The concept of seizures dates back to several centuries, so much so that even Greek physician Hippocrates, born in 460 BC once wrote, “People think that epilepsy is divine simply because they don’t have any idea what causes epilepsy. But I believe that someday we will understand what causes epilepsy, and at that moment, we will cease to believe that it’s divine. And so it is with everything in the universe”. Even today, those who suffer from this medical condition have to face a lot of stigma because of the unnatural convulsions that they undergo, most often without warning. Onlookers either panic because of the lack of adequate awareness, or they conclude that the patient is possessed. However, as medicine progressed, what was once a mystery, ceases to be so and people are no longer ashamed about a condition they have no control over. There are many famous personalities who are epileptic, the causes ranging from serious medical issues to substance abuse. While historical figures are only conjectured to have suffered from seizures, celebrities nowadays have a proper diagnosis of their disorder. Take a look at these eminent figures who have epilepsy, from the past as well as the present.
Those Who Led The World
Though it is a known fact that Roman leader Julius Caesar suffered from at least four recorded seizure attacks, it is still unclear as to whether they were caused due to epilepsy. Family history noted down by historian Suetonius suggests that several others before Caesar were diagnosed with this condition. This makes it probable for the great ruler to have suffered from this disorder. In fact, Elizabeth Taylor-Richard Burton starrer, ‘Caesar and Cleopatra’ too seems to have accepted the theory.
Alexander The Great
It is often surmised that King of Macedonia, Alexander the Great was epileptic owing to documented seizures which resulted from the medication he had ingested to cure pneumonia. Though the symptoms point towards the disorder in question, there is no proof for it yet.
Tsar Peter The Great
Also hailed as the ‘Father of Modern Russia’, Tsar Peter the Great was diagnosed with encephalitis when he was all of 21. Ever since then, he had regular paroxysms that were often accompanied by bouts of comatose.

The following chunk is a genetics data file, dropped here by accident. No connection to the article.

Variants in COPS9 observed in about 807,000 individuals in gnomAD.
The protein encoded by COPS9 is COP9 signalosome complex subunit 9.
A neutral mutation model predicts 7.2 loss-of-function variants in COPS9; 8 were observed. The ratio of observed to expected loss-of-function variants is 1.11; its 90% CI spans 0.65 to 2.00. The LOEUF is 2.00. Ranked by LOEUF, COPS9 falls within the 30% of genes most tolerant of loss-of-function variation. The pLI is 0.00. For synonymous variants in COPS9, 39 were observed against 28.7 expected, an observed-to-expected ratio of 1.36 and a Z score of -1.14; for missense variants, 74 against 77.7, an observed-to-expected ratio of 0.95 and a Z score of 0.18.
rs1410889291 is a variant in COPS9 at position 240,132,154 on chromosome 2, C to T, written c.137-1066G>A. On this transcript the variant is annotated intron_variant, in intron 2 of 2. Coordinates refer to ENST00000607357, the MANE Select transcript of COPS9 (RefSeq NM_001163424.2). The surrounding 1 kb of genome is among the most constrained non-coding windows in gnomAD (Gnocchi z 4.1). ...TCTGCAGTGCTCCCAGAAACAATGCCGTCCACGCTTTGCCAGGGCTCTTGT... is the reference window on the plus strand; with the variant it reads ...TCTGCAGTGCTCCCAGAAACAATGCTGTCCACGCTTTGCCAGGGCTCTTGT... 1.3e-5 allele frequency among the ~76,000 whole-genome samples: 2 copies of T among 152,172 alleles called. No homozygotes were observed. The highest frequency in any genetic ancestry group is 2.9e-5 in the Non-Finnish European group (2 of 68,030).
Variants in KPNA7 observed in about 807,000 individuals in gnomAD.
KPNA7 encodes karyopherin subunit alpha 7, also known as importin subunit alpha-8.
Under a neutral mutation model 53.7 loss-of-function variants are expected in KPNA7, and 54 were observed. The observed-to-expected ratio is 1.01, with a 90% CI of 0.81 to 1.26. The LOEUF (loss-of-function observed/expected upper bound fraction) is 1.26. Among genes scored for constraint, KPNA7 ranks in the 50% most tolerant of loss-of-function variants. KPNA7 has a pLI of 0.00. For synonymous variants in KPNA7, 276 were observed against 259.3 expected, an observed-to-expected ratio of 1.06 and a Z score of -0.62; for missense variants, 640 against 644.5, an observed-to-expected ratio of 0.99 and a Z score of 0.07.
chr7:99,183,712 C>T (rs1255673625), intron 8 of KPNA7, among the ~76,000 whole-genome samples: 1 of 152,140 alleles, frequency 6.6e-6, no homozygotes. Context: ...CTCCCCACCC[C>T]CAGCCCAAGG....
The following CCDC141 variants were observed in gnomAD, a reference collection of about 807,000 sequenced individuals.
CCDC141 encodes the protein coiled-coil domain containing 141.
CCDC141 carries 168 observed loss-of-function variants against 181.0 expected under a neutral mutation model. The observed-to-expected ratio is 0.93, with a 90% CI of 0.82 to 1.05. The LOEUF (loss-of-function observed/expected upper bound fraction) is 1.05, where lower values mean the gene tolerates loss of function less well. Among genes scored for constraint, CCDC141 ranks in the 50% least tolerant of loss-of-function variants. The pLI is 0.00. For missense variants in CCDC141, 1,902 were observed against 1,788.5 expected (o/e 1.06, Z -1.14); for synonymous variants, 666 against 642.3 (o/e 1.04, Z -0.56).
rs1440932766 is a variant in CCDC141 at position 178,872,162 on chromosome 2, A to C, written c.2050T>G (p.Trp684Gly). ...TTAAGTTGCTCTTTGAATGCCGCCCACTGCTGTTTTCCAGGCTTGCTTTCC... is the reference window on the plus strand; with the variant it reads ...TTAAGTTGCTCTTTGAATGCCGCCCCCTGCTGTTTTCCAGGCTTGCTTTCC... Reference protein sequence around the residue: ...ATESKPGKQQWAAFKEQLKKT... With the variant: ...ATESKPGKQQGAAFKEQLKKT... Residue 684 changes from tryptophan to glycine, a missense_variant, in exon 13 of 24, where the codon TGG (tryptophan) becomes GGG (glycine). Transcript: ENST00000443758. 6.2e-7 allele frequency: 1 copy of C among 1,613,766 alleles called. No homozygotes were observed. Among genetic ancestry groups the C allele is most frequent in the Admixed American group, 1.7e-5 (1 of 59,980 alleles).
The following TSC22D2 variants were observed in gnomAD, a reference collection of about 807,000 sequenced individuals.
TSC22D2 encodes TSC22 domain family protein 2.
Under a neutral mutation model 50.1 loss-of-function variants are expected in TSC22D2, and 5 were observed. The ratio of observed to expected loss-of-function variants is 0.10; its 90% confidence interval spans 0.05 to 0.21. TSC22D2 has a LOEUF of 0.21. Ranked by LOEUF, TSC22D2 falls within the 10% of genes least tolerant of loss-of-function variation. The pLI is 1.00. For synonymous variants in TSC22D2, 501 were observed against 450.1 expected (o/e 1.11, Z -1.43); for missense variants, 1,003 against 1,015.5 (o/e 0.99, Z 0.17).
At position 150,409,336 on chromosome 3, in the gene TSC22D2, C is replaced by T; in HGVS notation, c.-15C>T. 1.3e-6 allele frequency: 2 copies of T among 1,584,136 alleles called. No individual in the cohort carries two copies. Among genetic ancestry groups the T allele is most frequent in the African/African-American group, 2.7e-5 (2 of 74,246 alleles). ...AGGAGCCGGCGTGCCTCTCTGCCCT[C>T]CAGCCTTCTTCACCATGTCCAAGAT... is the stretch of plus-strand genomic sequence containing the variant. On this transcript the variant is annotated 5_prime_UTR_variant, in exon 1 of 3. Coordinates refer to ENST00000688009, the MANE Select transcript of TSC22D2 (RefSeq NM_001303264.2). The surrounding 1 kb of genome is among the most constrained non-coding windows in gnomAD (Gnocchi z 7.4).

The ‘Charles’ Coincidence
It looks like quite a few famous rulers suffered from brain convulsions, but here’s the catch. There were many named Charles, reigning over different parts of the world, who coincidentally were suspected to have had epilepsy. Be it the Holy Roman Emperor Charles V, King Charles II of England or Spain’s Charles II, they were all afflicted with the same condition.
Prince John Of England
Epilepsy equated to such a social stigma that King George V’s youngest son Prince John was protected from public eye during World War I till he breathed his last at the age of thirteen. Not only did he endure fits, but was also suffering from probable autism.
It is widely believed that the famous Napoleon Bonaparte was often affected by psychogenic attacks. According to Canadian physician William Osler, the respected French military leader’s convulsions were a result of Stokes-Adams disease. However neurologist John Hughes attributes the paroxysms to epilepsy and anxiety, both caused by gonorrhea.
Pope Pius IX
Known for serving the longest term by election, Pope Pius IX had epilepsy since he was a child, and it was one of these attacks that took his life on 7 February 1878.
Martha Parke Custis
US President George Washington’s step daughter, Martha Parke Custis (lovingly called Patcy) suffered from epilepsy. Though Washington tried his best to help her recover, Martha’s battle against the disorder ended in 1773, when she died of an attack at the age of seventeen.
US President James Madison
James Madison, fourth US President, quite often kept unwell, with regular bouts of diarrhea, high temperature and convulsions that pointed towards epilepsy.
Founder of the Soviet Union, Vladimir Lenin often encountered instances of apoplexy, which later led to him being afflicted with epilepsy. Just before he died, Lenin had continuous episodes of this life-threatening neurological disorder, which lasted 50 minutes and eventually succumbed to what is known as status epilepticus.
US Supreme Court Chief Justice John Roberts
17th Chief Justice of the US Supreme Court had recorded episodes of paroxysms, the cause of which was never revealed.
Writers & Artists
Fyodor Dostoevsky, Russian Novelist
This Moscow-born writer of ‘Crime and Punishment’ fame was undoubtedly epileptic, since he penned several letters that described his experiences with the condition. Apart from real-life accounts, many of his novels too included characters that suffered from seizures, and each epileptic episode was delineated to the tee.
Leo Tolstoy, Russian Writer
It is not completely proven that this great author who inked the famous ‘War and Peace’ had epilepsy. However, just before he succumbed to pneumonia in 1910, Tolstoy did have several seizure attacks that were termed as “fits of spleen” by physicians of the time.